Election officials said Monday that more than 98 percent of ballots in the Jan. 9 vote were in favor of independence, meaning Southern Sudan will become the world's newest country in July.
"I congratulate the people of Southern Sudan for a successful and inspiring referendum in which an overwhelmingly majority of voters chose independence. I am therefore pleased to announce the intention of the United States to formally recognize Southern Sudan as a sovereign, independent state in July 2011," President Barack Obama said in a statement.
He called it "another step forward in Africa's long journey toward justice and democracy."
Secretary of State Hillary Rodham Clinton commended the Sudan government for accepting the outcome.
She said in a statement Monday the designation will be lifted if Sudan does not support terrorism for the preceding six months and provides assurance it will not do so in future. It must also fully implement a 2005 peace agreement that ended a two-decade civil war between the north and south that killed more than 2 million people.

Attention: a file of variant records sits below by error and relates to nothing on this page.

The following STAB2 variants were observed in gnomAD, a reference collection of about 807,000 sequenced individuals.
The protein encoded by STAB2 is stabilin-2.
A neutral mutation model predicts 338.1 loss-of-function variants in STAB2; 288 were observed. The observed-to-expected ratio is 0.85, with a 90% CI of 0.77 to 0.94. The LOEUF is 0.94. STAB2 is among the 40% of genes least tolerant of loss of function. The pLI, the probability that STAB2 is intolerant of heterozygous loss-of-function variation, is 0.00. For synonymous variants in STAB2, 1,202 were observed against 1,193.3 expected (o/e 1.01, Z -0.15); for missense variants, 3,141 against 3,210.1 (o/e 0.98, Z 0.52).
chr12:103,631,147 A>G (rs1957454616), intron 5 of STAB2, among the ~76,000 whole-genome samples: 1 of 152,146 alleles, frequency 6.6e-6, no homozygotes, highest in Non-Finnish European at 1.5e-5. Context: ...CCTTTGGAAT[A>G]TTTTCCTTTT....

Clinton urged both northern and southern leaders to continue to work together toward full implementation of the peace agreement and post-referendum arrangements, to ensure they become two "viable states living alongside each other in peace."
The mainly Christian south and mainly Muslim north must still negotiate citizenship rights, oil rights and border demarcation. Virtually all of southern Sudan's budget comes from oil revenue, and the north wants to maintain fuel supplies from the south.
Sudan's President Omar al-Bashir, who has been indicted for war crimes in the western Sudan region of Darfur, on Monday backed the vote results and said he wanted to be the first to congratulate the south on their new state.
Obama demanded an end to attacks on civilians in Darfur.
He said the U.S. supported the aspirations of all Sudanese, and would work with the governments of Sudan and Southern Sudan for a smooth and peaceful transition to independence.
"For those who meet all of their obligations, there is a path to greater prosperity and normal relations with the United States, including examining Sudan's designation as a State Sponsor of Terrorism," he said.
U.S. State Department spokesman P.J. Crowley told a news conference in Washington that the government of Sudan has made clear that it wants normal relations with the United States.
Sudan has been on the U.S. list of states that sponsor terrorism since 1993.